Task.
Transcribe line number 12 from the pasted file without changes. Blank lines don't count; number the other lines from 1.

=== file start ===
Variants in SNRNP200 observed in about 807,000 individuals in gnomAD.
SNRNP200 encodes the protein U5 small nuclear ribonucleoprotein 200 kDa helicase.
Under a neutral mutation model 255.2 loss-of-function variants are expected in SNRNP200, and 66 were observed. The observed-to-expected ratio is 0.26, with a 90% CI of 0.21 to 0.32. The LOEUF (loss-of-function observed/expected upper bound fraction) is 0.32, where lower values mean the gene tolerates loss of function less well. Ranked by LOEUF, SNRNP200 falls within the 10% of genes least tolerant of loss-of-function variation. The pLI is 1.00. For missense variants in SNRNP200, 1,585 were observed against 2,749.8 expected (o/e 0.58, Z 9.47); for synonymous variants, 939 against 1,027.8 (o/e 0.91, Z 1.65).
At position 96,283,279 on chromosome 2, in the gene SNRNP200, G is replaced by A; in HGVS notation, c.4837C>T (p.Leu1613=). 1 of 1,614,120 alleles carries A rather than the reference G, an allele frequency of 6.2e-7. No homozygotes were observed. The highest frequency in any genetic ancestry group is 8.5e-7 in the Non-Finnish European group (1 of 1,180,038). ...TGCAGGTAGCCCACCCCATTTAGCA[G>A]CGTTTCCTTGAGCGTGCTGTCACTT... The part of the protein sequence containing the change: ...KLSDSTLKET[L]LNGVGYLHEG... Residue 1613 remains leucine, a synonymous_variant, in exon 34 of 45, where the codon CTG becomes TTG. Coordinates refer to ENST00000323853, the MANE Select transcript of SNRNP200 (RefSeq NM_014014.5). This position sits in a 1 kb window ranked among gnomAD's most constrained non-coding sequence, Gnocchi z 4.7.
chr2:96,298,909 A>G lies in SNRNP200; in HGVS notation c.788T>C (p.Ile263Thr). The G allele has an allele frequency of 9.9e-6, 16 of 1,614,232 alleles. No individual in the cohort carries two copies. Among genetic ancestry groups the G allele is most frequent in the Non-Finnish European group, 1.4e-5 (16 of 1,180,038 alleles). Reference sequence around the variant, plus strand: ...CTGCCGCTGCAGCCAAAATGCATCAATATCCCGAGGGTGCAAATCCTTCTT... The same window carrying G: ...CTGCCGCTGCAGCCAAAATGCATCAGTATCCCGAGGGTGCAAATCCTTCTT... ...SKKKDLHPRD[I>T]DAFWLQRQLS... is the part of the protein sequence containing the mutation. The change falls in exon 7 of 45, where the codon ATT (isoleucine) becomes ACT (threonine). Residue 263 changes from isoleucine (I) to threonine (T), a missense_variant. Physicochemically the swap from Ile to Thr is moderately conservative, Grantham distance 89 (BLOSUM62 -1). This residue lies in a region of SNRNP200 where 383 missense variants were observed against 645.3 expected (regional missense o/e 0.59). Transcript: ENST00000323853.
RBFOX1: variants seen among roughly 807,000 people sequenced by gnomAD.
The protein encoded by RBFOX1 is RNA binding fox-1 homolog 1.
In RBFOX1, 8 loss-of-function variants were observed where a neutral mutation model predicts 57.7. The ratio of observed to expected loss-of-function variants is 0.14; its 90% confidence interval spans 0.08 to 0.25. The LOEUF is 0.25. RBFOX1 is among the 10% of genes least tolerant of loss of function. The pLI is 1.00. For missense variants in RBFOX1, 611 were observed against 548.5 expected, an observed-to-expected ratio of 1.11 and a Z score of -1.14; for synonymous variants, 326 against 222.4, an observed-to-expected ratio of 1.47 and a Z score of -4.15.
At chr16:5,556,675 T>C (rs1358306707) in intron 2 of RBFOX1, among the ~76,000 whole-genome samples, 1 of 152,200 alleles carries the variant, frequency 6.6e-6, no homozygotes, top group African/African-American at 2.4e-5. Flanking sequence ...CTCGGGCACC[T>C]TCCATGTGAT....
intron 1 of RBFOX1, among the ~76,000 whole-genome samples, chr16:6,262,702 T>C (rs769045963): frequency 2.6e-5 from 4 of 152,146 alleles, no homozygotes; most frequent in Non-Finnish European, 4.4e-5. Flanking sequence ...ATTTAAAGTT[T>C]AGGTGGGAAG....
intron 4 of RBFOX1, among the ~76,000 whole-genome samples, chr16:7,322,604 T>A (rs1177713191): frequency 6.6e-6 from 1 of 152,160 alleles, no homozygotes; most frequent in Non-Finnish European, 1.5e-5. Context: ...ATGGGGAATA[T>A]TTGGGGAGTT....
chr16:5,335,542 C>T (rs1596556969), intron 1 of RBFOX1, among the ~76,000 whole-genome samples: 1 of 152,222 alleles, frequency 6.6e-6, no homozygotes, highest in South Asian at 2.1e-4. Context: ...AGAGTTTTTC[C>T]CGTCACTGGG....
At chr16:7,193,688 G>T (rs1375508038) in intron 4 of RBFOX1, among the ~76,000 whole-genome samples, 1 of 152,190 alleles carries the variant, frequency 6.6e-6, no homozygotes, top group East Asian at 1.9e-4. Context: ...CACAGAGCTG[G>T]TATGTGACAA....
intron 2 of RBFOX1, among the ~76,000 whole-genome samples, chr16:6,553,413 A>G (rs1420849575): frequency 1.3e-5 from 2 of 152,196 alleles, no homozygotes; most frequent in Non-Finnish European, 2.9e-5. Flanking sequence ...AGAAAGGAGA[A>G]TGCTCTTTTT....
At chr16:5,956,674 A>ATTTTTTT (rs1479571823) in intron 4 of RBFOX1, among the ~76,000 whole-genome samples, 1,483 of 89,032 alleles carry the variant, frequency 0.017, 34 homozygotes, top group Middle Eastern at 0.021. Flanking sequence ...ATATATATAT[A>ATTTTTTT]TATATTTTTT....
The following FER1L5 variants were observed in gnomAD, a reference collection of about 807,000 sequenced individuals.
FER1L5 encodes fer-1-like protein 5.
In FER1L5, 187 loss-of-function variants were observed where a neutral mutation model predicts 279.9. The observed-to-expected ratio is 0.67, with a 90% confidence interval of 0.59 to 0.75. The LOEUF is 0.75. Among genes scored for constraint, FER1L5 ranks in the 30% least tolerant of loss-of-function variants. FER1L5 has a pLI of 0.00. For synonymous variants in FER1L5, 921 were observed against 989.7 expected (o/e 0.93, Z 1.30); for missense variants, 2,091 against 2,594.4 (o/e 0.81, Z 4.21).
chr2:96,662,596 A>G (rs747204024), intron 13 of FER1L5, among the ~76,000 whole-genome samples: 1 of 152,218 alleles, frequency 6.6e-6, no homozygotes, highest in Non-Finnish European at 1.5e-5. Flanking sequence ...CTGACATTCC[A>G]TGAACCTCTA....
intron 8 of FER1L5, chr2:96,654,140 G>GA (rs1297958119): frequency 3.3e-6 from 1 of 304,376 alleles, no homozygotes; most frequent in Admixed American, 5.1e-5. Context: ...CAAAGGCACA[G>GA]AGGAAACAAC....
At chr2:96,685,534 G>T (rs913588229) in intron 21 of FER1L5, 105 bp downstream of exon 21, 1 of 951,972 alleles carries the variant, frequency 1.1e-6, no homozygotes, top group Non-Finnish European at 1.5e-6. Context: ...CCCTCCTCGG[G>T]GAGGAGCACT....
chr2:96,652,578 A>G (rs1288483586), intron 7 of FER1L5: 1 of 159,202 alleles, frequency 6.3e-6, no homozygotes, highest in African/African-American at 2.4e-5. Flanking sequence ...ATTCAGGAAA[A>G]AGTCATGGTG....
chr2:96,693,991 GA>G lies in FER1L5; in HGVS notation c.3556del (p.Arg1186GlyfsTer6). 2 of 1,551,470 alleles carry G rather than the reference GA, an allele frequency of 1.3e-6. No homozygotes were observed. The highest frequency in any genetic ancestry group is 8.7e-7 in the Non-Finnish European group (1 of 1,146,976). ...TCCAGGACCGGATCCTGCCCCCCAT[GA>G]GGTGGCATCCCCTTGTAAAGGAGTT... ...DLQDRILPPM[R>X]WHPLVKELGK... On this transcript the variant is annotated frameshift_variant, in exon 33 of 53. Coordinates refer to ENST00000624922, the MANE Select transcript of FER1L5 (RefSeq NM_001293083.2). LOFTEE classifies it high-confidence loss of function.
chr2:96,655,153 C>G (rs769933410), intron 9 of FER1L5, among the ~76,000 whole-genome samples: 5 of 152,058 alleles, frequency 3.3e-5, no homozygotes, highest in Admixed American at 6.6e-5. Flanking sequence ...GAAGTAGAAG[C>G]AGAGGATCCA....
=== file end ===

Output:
chr16:5,335,542 C>T (rs1596556969), intron 1 of RBFOX1, among the ~76,000 whole-genome samples: 1 of 152,222 alleles, frequency 6.6e-6, no homozygotes, highest in South Asian at 2.1e-4. Context: ...AGAGTTTTTC[C>T]CGTCACTGGG....